In Andrew O’Hagan’s The Life and Opinions of Maf the Dog, and of His Friend Marilyn Monroe, we are told of a late-night epiphany. The title characters are back home after a party with New York literati when our narrator says, “Listening to her thoughts, I was in love. She formed everything about me, including my sense of the novel.” Said narrator’s sense of the novel, like his overall sense of things human, is subtle and well informed, even though he’s a dog. Or maybe because he’s a dog.
Maf, a gift to Monroe from Frank Sinatra, informs us that dogs have a large talent for absorbing the knowledge and thoughts of humans. His erudition comes out of a natural canine attunement to the human; what is unexpected here is the scope of that attunement. He speaks with unaffected ease of such thinkers as Plutarch and Adorno while his owner works her way through The Brothers Karamazov. Maf lays the ultimate blame for the stupid, bullying arrogance of the men around Sinatra on Descartes, with his clueless denial of animal intelligence. This Maltese has as strong a sense of intellectual genealogy as any character I’ve recently encountered in fiction, or, indeed, in life.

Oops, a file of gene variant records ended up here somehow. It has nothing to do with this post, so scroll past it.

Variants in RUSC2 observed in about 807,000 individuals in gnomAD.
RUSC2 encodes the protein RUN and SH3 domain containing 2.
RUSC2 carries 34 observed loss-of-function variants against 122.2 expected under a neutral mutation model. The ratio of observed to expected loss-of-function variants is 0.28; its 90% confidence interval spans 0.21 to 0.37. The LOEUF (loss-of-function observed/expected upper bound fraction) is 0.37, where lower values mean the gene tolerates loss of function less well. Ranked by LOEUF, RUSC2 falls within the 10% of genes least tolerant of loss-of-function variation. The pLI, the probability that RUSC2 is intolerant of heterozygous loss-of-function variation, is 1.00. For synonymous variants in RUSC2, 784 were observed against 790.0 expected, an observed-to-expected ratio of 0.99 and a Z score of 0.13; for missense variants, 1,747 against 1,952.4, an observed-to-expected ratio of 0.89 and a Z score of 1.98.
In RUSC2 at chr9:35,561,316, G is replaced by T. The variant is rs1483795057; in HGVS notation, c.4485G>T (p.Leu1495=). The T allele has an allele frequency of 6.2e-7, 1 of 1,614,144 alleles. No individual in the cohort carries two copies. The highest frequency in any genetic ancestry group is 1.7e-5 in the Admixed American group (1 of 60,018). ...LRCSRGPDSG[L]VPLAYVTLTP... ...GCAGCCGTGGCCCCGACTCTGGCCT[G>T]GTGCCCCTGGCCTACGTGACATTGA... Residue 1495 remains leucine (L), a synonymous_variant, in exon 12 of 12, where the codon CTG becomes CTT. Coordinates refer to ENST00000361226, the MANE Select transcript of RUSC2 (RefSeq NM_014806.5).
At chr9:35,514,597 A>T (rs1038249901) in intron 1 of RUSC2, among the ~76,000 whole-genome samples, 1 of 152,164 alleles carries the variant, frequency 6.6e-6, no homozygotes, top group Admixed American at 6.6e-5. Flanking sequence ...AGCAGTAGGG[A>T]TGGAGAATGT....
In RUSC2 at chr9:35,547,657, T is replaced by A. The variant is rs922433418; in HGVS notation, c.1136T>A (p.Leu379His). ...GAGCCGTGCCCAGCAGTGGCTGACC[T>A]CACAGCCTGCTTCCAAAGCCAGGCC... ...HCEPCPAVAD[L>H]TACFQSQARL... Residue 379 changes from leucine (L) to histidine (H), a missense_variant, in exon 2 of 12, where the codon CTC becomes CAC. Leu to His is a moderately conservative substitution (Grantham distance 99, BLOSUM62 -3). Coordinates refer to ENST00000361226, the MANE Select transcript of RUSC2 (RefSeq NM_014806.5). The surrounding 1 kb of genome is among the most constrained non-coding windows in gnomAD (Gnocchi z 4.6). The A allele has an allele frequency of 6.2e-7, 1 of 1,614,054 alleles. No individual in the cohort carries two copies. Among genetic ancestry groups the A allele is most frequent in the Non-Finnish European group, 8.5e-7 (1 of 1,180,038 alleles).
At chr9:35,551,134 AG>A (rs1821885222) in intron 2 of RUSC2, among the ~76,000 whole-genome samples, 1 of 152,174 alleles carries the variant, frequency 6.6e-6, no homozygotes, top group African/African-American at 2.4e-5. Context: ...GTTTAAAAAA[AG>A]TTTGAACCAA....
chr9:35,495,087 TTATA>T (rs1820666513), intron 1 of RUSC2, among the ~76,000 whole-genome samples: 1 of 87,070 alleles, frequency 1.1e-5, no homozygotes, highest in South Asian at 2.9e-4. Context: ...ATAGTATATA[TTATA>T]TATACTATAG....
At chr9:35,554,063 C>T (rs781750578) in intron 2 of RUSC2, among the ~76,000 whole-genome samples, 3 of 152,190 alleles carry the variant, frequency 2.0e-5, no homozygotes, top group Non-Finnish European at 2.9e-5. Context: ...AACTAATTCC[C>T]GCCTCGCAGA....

Maf’s sophistication detracts nothing from his affection for his owner; indeed, it strengthens it. He describes Monroe as “terrific” to some dogs he meets, and he is her best companion in the last 20 months of her life. This is a time of divorce, psychoanalysis, affairs with the powerful and the thuggish, and desperate insecurity over her acting ability. Through it all, Maf is there for her. When her story is near its end, a bittersweet mood in his company may be about the best mood she can have, and it has its pleasures.
Monroe encounters many species of power—political, intellectual, showbiz, Mafia. None are very helpful to her as her own fragile self ebbs toward its ultimate powerlessness. It is a fitting contrast, and something like a posthumous gift to her, that this tale is told in the voice of a creature whose powers, if unsuspected even by Monroe, are of an extraordinary empathy and wisdom.
The last we hear from Maf, he is in Monroe’s bed, alone, breathing “the secrets of her pillow,” the kind a smart dog may inhale.